“EVERY spring, some 30,000 oncologists, medical researchers and marketers gather in an American city to showcase the latest advances in cancer treatment. But at the annual meeting of the American Society of Clinical Oncology last month, much of the buzz surrounded a study that was anything but a breakthrough. To a packed and whisper-quiet room at the McCormick Place convention center in Chicago, Mark R. Gilbert, a professor of neuro-oncology at the University of Texas M. D. Anderson Cancer Center in Houston, presented the results of a clinical trial testing the drug Avastin in patients newly diagnosed with glioblastoma multiforme, an aggressive brain cancer. In two earlier, smaller studies of patients with recurrent brain cancers, tumors shrank and the disease seemed to stall for several months when patients were given the drug, an antibody that targets the blood supply of these fast-growing masses of cancer cells.”
If you like this story, please see our blog titled “A New WAVE for the Future”
“As the newest strain of avian influenza, H7N9, continues to spread, scientists are urgently trying to figure out how to thwart transmission of the deadly virus. A new study published in mBio, a journal of the American Society for Microbiology, found that some strains of the H7N9 avian influenza that emerged in China this year have developed resistance to the only antiviral drugs on the market intended to treat the infection. What makes treating the disease even more complicated is the tendency for antiviral resistance testing to produce misleading results, encouraging the spread of resistant H7N9 strains, the study found. No approved H7N9 vaccine exists yet.”
If you like this story, please see our blog titled “Interesting Late Stage Viral Vaccine Candidates”
“Despite two failed late-stage trials of its experimental Alzheimer’s drug solanezumab, Eli Lilly and Co said on Friday it plans to run yet another study, this time focusing only on mild patients who appeared to respond to the treatment. And the company will take extra steps to ensure it is testing actual Alzheimer’s patients by pre-screening them with its imaging agent Amyvid to ensure they have deposits of the protein beta amyloid that is linked with the disease.”
If you like this story, please see our blog titled “Perfusion Bioreactors – With so much to offer they deserve a closer look”
“Scientists have been able to uncover some clues regarding the amazing powers of stem cells. According to new work from Carnegie’s Yixian Zheng and Haiyang Chen, they’ve helped identify an important component for regulating stem cell niches that impact on tissue building and function that could have potential implications for disease research. Lamins, known as proteins that the major structural component of the material that lines the inside of a cell’s nucleus, have diverse functions, including suppressing gene expression and have been rather difficult to understand how mutations in them can cause diseases to grow in specific tissues and organs, including skeletal muscles, heart muscles and fat.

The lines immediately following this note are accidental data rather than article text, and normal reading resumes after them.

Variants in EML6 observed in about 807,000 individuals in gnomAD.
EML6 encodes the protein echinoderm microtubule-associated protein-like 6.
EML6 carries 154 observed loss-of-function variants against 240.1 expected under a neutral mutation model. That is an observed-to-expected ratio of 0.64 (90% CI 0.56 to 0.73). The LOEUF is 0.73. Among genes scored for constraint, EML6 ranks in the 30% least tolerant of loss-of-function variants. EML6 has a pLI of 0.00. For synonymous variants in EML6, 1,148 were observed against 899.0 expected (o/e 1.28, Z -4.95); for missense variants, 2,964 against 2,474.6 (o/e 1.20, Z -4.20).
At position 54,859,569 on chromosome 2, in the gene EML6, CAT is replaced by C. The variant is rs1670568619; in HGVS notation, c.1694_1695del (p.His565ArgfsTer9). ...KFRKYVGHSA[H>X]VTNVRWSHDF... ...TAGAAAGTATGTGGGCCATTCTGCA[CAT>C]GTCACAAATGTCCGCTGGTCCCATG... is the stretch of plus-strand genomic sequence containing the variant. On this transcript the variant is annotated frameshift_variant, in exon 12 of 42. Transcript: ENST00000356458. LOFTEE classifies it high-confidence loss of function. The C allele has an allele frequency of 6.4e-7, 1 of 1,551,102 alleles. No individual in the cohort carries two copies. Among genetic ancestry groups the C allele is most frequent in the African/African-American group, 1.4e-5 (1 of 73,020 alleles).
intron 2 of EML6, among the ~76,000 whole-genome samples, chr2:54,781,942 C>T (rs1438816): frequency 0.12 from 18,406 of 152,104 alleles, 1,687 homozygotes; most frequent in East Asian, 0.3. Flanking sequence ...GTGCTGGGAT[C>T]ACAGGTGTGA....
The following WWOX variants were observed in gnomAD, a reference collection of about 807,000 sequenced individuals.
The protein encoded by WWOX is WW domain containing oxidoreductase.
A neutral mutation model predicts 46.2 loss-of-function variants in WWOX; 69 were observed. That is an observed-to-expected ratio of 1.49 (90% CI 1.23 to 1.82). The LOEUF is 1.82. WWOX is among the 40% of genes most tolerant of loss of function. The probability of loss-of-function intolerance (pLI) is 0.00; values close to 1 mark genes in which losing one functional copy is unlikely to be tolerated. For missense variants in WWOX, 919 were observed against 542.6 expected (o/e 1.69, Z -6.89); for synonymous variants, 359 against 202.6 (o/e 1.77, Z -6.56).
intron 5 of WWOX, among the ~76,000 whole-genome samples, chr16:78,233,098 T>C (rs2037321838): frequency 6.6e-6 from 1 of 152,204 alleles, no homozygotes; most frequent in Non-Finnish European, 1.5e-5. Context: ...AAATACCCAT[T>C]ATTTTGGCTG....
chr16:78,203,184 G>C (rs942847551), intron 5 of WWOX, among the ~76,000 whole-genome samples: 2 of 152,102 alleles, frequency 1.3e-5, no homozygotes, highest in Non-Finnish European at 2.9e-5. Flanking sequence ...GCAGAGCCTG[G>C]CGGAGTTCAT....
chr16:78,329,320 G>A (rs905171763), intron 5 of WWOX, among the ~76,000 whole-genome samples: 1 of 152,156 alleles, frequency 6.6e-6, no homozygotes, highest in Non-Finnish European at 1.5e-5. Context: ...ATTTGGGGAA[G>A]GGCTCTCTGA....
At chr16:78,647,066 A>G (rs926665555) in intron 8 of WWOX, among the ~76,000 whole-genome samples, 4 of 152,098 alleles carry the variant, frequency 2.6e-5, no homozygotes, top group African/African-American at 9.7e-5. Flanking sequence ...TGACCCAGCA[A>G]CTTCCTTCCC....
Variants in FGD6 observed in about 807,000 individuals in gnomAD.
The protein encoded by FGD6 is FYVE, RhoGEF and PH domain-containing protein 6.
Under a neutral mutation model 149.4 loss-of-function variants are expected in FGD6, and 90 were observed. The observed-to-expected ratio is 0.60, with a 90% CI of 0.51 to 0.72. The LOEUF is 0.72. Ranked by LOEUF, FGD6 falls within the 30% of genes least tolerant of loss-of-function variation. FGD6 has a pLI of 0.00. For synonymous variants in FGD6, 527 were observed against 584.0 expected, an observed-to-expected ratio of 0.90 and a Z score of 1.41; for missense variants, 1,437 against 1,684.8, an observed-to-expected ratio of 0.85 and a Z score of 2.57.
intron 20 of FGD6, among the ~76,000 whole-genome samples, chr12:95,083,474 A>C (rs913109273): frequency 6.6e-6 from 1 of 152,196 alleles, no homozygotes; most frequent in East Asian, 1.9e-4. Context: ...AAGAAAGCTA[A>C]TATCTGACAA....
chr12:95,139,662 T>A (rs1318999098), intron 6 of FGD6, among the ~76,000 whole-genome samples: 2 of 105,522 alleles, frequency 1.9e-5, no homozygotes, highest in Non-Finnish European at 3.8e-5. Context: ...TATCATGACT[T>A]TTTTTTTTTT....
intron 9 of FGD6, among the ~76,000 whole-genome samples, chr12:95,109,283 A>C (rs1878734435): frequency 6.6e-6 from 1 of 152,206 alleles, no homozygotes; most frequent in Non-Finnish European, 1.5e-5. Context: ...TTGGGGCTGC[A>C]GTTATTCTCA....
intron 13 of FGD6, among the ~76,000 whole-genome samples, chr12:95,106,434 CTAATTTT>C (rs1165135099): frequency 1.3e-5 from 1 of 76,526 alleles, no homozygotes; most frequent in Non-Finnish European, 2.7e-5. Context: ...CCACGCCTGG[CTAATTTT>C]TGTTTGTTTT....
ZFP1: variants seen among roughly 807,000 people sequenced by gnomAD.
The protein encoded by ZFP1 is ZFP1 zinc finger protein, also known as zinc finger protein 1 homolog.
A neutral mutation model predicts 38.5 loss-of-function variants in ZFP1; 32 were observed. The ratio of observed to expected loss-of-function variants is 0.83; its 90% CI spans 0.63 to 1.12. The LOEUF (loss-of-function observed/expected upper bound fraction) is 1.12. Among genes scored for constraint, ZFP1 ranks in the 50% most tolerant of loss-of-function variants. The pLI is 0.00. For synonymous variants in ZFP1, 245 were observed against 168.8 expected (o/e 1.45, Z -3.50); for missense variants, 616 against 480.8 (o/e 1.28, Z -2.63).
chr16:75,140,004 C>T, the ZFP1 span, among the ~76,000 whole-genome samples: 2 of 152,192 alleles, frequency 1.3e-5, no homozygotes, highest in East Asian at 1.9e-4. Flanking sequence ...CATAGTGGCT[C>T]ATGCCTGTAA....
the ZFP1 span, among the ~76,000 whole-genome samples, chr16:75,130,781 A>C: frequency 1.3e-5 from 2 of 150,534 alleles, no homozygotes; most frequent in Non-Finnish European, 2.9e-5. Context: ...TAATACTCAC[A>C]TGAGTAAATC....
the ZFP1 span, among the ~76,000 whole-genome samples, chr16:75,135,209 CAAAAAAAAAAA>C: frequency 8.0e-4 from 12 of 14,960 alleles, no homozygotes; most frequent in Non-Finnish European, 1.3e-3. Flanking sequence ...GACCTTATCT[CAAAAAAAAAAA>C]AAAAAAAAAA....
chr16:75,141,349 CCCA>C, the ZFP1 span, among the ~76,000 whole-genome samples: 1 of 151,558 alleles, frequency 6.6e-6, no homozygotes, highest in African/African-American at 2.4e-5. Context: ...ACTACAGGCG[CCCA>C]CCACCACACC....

If you like this story, please see our blog titled “From Product Candidate to Product: The Road to Commercialization in Regenerative Medicine”
“Bristol-Myers Squibb’s nivolumab will overtake proven blockbuster competitors to dominate the non-small cell lung cancer (NSCLC) treatment market, following an expected launch in 2015, according to new forecasts. Nivolumab, a first-in-class immunotherapy, will become the overall NSCLC market sales leader by 2022, reaching revenues of $1.75 billion in the key global markets of the US, UK, France, Germany, Italy, Spain, Japan, China and India, says a new report from GlobalData.”
If you like this story, please see our blog titled “Continuous Processing: From Cookie Preparation to Cell-Based Production”
“Using magnets, a group of scientists have devised a new method to internally direct the healing power of stem cells. In a study published in the journal Small, a team of researchers from Emory University and Georgia Tech found that by coating mesenchymal stem cells in tiny iron oxide particles, magnets can be used to attract the cells and steer them towards a particular location within the body.
If you like this story, please see our blog titled “Cell Line Authentication – A discussion on protecting research against cell line contamination”